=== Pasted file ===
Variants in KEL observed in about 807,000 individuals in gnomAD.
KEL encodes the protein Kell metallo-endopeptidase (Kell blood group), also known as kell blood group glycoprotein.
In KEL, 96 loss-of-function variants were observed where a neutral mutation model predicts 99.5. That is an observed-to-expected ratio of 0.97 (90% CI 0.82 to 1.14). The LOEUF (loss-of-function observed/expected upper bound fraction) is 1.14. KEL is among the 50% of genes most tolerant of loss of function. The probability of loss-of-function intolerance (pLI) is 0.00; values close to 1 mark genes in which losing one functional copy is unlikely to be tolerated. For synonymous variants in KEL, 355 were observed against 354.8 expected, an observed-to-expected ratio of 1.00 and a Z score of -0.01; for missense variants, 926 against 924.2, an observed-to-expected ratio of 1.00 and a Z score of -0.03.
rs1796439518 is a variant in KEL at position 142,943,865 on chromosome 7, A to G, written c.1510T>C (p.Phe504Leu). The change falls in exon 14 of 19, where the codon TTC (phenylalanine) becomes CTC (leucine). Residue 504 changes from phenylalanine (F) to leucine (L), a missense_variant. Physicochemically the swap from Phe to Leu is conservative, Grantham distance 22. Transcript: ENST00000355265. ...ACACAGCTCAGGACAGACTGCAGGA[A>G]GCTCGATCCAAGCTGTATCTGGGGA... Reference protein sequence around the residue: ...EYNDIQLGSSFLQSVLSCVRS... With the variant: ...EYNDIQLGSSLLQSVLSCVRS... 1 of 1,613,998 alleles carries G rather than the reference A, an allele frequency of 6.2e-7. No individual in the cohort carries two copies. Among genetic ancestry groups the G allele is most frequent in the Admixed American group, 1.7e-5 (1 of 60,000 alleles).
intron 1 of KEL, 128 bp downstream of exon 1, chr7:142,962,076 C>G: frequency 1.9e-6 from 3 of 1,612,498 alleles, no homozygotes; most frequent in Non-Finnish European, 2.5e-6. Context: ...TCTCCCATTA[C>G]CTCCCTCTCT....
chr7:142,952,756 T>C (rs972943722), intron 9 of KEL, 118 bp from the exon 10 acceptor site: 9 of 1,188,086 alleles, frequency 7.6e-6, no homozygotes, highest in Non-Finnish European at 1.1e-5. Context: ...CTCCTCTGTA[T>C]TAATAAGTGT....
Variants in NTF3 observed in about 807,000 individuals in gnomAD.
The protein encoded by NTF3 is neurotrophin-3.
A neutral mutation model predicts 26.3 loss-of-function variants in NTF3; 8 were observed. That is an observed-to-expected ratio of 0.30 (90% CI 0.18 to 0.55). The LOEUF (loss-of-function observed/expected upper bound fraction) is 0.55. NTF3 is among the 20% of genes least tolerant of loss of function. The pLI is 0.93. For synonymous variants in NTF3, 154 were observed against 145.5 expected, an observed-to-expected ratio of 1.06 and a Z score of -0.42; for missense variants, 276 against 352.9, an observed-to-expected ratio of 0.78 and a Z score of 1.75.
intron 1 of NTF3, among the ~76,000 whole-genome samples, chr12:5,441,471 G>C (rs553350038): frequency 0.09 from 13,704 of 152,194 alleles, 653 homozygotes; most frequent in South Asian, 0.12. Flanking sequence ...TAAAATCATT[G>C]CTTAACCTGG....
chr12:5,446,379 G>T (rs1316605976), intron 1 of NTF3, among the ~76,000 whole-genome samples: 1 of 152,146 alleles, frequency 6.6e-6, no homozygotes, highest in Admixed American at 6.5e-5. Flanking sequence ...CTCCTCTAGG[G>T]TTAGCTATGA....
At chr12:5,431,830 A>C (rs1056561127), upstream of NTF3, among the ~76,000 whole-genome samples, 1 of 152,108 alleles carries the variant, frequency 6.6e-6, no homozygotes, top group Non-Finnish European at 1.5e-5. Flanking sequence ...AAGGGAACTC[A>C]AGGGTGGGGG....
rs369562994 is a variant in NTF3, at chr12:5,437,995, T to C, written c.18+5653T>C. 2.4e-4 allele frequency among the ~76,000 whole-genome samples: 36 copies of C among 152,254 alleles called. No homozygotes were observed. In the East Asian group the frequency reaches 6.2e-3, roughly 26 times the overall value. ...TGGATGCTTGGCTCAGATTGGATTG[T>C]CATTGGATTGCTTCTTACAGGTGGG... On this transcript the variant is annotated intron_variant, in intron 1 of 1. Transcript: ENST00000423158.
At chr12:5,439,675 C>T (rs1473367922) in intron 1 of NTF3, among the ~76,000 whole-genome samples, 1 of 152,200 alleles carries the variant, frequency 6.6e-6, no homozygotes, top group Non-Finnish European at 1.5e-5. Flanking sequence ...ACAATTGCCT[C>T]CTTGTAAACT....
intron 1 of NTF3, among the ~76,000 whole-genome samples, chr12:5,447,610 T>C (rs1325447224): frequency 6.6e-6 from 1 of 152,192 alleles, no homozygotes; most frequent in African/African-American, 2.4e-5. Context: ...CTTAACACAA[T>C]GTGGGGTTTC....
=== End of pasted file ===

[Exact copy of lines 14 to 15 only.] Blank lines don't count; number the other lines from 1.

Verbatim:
At chr12:5,439,675 C>T (rs1473367922) in intron 1 of NTF3, among the ~76,000 whole-genome samples, 1 of 152,200 alleles carries the variant, frequency 6.6e-6, no homozygotes, top group Non-Finnish European at 1.5e-5. Flanking sequence ...ACAATTGCCT[C>T]CTTGTAAACT....
intron 1 of NTF3, among the ~76,000 whole-genome samples, chr12:5,447,610 T>C (rs1325447224): frequency 6.6e-6 from 1 of 152,192 alleles, no homozygotes; most frequent in African/African-American, 2.4e-5. Context: ...CTTAACACAA[T>C]GTGGGGTTTC....